Distribution and metabolism of current photosynthate by single-flush northern red oak seedlings

Tree Physiol. 1990 Dec;7(1_2_3_4):65-77. doi: 10.1093/treephys/7.1-2-3-4.65.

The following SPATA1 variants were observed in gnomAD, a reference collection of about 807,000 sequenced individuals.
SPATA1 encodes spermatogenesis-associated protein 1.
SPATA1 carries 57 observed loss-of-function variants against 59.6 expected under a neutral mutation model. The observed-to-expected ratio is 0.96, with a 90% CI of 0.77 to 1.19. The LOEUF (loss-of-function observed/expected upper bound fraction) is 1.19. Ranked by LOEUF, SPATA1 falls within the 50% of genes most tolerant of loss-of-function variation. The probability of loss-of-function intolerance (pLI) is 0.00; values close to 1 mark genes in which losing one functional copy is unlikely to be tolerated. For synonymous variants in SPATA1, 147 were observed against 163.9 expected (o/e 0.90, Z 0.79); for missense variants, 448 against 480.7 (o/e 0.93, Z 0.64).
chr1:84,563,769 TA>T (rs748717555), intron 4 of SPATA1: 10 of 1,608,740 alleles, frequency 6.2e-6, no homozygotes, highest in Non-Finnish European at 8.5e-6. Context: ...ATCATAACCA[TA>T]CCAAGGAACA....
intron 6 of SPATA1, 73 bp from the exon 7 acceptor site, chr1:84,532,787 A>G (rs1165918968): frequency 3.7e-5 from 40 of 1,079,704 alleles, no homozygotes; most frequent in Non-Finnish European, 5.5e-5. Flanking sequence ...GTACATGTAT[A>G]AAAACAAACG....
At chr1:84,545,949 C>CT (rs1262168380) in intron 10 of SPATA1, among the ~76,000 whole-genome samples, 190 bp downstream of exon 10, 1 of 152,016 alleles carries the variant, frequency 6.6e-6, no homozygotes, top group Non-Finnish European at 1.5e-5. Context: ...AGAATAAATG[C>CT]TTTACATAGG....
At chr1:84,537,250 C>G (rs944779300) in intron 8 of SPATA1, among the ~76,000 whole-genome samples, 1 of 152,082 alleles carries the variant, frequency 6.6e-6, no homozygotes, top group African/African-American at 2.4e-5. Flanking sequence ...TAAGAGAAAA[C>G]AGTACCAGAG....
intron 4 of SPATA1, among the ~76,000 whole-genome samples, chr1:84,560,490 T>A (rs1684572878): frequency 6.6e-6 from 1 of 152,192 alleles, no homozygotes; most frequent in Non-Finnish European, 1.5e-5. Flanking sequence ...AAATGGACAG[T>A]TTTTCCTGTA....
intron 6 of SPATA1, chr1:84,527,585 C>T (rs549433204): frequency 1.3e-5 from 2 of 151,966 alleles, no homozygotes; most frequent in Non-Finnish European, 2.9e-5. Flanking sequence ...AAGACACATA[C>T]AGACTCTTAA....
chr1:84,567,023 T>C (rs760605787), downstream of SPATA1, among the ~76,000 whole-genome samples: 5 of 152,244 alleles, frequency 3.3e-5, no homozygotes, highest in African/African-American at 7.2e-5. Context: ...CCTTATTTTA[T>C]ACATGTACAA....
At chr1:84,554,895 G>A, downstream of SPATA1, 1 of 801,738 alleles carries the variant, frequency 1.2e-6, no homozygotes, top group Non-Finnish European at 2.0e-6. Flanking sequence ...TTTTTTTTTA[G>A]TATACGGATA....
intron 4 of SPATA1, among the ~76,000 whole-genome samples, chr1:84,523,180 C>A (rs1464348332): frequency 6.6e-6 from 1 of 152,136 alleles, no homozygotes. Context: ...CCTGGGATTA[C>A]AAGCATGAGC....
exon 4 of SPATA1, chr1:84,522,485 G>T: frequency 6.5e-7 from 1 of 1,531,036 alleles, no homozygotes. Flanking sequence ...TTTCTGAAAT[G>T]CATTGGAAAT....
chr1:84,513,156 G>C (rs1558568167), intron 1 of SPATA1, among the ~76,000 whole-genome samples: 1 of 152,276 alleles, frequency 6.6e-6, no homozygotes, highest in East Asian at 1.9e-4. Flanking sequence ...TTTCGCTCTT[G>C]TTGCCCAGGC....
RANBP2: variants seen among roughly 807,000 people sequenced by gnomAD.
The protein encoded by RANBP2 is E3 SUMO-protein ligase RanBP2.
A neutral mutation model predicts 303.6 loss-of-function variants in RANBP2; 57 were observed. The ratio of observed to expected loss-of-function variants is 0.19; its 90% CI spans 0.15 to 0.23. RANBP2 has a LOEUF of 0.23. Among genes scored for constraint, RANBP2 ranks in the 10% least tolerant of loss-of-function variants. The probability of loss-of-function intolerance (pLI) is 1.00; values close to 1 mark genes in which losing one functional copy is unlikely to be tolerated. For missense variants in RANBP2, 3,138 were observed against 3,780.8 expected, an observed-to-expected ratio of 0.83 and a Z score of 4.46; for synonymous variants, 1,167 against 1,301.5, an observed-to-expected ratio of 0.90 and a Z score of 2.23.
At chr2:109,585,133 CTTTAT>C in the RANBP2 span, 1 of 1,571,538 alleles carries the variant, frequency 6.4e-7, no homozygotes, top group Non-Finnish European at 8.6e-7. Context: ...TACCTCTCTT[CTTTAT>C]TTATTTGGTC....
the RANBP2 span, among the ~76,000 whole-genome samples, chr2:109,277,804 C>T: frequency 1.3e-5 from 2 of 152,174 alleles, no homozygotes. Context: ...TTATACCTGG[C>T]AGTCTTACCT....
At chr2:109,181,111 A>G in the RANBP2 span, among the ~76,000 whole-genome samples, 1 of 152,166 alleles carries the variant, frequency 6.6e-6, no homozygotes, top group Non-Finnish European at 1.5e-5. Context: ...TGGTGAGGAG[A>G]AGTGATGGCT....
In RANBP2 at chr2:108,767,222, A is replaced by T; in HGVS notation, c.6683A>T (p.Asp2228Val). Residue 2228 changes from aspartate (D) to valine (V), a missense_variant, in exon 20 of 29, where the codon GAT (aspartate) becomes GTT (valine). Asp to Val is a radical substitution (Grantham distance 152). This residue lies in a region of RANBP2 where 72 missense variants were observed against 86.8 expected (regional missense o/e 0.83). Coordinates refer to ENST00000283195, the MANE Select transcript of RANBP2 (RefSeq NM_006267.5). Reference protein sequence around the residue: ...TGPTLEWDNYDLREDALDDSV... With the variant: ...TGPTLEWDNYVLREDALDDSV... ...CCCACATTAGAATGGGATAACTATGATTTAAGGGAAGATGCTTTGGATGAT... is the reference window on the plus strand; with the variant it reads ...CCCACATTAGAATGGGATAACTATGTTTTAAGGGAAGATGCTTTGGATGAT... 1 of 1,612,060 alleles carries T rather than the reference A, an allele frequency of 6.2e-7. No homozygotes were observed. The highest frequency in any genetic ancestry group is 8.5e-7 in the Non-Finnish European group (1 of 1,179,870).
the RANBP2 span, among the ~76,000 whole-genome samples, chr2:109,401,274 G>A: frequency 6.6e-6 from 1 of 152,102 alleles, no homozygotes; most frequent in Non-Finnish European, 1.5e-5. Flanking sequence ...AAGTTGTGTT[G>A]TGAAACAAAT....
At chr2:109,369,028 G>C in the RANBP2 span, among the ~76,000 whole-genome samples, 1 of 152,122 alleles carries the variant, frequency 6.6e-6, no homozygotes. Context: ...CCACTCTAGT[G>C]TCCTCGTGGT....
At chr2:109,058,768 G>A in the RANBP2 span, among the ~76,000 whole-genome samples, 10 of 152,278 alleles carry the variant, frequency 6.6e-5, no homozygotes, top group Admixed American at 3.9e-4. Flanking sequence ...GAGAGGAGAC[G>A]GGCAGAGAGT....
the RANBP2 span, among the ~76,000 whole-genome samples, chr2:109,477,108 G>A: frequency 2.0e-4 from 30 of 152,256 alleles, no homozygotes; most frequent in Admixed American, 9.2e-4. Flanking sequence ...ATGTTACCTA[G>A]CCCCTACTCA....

Carbon distribution and metabolism by northern red oak seedlings (Quercus rubra L.) were followed for 72 h after a 30-min photosynthetic exposure to (14)CO(2). Approximately 50% of the assimilated carbon was lost during this time, presumably through respiration. Most of the (14)C recovered in the plant remained in the source leaf. Most of the exported (14)C was found in stems and especially roots. Position of the source leaf did not affect distribution of translocated (14)C; however, upper source leaves retained slightly more (14)C than lower source leaves. Most (14)C in all tissues was found initially in sugars. Labeled carbon in this fraction decreased rapidly and increased in other chemical fractions, particularly residue (structural carbohydrates and lignin). More (14)C was incorporated into residue than into any other chemical fraction, indicating continued growth by each of the tissues during the lag stage of seedling development. Labeled carbon increased in proteins for 6 to 12 h after treatment, then remained essentially constant for the remainder of the transport period, indicating both rapid incorporation of the pulsed (14)C into, and slow turnover of, the labeled protein components. In source leaves, (14)C incorporated into starch in the light was lost during the dark period, a typical diurnal storage pattern. In stems, (14)C in starch increased for 12 h, then decreased during the dark period, and then increased during the rest of the transport period. This pattern indicates that stems have both diurnal and long-term storage pools of starch. In roots, (14)C in starch increased rapidly for 12 h, then remained constant for the rest of the transport period, indicating primarily long-term storage in this tissue. Peak (14)C in amino acids in taproot preceded that in stem tissue, indicating recycling of (14)C from the roots to the shoot in amino acids.